Ultrasound-guided percutaneous catheter drainage of various types of ruptured amebic liver abscess: a report of 117 cases from a highly endemic zone of India
- 53 Downloads
To determine the efficacy and safety ultrasound-guided percutaneous catheter drainage (US-PCD) in management of various types of ruptured amebic liver abscess including free rupture (FR) with diffuse intraperitoneal fluid collections (DIFC).
This study analyzed 117 patients with ruptured ALA who underwent US-PCD. The indication for US-PCD was failure to respond to conservative treatment and/or percutaneous needle aspiration.
Majority of patients were locally fermented alcohol abusers (95%), and malnourished (75%). Ninety-eight patients had intraperitoneal rupture including 66 contained rupture (CR) with localized intraperitoneal fluid collection (LIFC) and 32 FR with DIFC. Pleuropulmonary complication was found in 19 patients including 13 pleural and 6 pulmonary. A total of 333 catheters were used to drain 202 abscess cavities and associated fluid collections. US-PCD was technically and clinically successful in all cases. Multiple sessions (median 2; range 2–5) of PCD required with upsizing the catheter (median 14 F; range 14–20 F) and placement of additional catheter in 26 (22%) patients. The patients with FR with DIFC required more number of catheters (p = 0.01) and had longer hospital stay (p = 0.01). No major procedure related complication was observed. Six patients developed secondary bacterial infection; two of them presented with cavito-cutaneous fistula at catheter insertion site, and one with cholangitis due to biliary stricture formation necessitating subsequent endoscopic treatment. Post-procedural death occurred from sepsis in a patient with FR.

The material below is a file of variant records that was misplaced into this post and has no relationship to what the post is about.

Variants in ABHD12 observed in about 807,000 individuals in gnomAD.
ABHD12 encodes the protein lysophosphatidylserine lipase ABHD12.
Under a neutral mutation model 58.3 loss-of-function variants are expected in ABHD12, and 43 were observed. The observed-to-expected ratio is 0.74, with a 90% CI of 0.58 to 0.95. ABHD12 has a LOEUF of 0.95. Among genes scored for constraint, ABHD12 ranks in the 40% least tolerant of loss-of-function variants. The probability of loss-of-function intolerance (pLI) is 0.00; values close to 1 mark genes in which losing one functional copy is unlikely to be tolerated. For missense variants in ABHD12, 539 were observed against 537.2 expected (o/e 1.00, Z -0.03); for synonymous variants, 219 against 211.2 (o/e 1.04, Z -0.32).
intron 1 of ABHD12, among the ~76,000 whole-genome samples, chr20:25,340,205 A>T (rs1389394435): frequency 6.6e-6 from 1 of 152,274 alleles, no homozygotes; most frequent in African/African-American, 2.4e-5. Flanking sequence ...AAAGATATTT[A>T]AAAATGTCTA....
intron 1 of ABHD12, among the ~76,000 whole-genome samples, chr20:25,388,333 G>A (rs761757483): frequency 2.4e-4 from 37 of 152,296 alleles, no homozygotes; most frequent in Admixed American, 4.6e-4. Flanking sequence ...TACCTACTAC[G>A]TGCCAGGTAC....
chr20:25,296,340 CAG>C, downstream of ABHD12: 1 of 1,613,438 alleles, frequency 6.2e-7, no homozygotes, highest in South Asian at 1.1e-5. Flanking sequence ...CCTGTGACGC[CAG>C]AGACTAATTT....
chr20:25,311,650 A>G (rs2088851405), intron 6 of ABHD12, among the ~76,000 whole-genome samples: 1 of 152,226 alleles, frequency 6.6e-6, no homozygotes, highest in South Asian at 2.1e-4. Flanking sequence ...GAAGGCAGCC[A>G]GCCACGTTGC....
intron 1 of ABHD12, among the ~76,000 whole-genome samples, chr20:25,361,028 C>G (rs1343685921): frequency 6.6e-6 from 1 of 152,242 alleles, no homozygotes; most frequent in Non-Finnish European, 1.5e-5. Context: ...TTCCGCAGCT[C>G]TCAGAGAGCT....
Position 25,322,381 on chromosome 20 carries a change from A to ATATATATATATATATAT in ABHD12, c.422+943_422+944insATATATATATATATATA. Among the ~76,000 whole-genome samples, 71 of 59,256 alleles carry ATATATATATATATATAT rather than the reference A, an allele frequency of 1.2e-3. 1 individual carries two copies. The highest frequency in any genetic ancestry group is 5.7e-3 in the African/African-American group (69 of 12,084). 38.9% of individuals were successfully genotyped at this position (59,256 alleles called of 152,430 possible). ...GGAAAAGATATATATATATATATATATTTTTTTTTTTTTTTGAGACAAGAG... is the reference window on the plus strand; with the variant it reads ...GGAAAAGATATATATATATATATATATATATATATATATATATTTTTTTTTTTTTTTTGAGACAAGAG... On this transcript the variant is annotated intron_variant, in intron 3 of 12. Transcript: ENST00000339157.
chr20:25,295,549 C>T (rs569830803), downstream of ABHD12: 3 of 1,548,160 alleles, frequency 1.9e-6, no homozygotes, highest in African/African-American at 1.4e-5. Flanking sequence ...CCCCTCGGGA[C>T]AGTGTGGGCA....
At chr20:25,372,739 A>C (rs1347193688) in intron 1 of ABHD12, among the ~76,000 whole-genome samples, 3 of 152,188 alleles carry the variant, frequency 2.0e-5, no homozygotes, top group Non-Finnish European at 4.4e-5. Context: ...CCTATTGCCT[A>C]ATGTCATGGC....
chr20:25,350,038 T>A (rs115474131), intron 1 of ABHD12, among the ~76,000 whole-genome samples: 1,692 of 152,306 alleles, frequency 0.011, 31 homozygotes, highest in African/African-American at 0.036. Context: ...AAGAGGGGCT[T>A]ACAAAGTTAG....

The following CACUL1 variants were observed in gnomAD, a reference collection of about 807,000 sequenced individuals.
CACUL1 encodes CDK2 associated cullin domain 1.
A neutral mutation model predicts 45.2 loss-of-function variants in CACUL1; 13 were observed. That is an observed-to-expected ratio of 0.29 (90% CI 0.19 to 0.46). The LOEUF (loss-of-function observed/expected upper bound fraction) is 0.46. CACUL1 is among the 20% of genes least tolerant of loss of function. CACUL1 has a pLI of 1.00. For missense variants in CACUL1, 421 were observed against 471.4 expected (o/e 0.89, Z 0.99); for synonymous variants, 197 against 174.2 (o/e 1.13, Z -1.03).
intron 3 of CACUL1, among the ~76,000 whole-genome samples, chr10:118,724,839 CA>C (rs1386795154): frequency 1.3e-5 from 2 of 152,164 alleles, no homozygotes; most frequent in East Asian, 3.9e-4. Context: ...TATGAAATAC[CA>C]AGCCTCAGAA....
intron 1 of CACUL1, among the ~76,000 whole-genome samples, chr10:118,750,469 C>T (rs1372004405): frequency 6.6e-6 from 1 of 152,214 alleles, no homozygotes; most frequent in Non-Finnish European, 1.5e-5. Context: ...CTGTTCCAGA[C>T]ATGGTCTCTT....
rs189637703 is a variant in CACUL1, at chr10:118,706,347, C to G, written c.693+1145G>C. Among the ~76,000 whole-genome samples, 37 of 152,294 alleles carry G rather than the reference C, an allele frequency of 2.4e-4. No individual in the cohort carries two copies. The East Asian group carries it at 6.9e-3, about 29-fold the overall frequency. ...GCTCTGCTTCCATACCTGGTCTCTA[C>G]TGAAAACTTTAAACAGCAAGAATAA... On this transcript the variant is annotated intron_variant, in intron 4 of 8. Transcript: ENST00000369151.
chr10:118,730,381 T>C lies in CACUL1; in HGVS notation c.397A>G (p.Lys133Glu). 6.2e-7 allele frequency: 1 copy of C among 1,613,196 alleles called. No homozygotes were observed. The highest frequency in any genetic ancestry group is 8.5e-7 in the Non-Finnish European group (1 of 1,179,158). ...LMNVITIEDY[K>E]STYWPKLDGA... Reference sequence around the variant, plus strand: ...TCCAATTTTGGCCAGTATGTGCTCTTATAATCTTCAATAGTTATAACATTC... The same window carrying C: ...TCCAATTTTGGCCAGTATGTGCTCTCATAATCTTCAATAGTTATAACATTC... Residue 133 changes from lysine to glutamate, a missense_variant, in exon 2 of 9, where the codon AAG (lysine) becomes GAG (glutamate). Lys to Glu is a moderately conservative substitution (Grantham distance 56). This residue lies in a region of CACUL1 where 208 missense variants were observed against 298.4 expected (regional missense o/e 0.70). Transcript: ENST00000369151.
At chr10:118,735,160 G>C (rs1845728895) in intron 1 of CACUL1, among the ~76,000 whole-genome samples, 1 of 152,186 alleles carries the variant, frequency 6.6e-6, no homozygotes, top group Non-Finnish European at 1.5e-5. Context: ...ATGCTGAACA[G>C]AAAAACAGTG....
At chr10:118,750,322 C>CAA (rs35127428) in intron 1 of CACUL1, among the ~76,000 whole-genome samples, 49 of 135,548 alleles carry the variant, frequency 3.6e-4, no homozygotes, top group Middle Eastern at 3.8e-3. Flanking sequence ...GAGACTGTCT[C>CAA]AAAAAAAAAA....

US-PCD is a safe and effective mode of treatment for ruptured ALA including FR with DIFCs. We recommend PCD as a first-line therapy for ruptured ALA.
KeywordsAmebic liver abscess Ultrasound-guided percutaneous catheter drainage Ruptured liver abscess Amebic peritonitis Perforated liver abscess
We thank Dr. Alok Ranjan, Assistant Professor, Community and Family Medicine, All India Institute of Medical Sciences, Patna, for performing the statistical analysis.
Compliance with ethical standards
No funding was received for this study.
Conflict of interest
All authors declare that they have no conflict of interest.
All procedures performed in studies involving human participants were in accordance with the ethical standards of the institutional and/or national research committee and with the 1964 Helsinki declaration and its later amendments or comparable ethical standards.
Our institutional review board approved this retrospective study and waived the requirement for informed consent.
- 6.Eggleston FC, Handa AK, Verghese M (1982) Amebic peritonitis secondary to amebic liver abscess. Surgery 91:46–48Google Scholar
- 15.Monga NK, Sood S, Kaushik SP, et al. (1976) Amebic peritonitis. Am J Gastroenterol 66:366–373Google Scholar
- 20.Tandon N, Karak PK, Mukhopadhyay S, Kumar V (1991) Amoebic liver abscess: rupture into retroperitoneum. Abdom Imaging 16:240–242Google Scholar
- 23.Hai AA, Singh A, Mittal VK, Karan GC (1991) Amoebic liver abscess. Review of 220 cases. Int Surg 76:81–83Google Scholar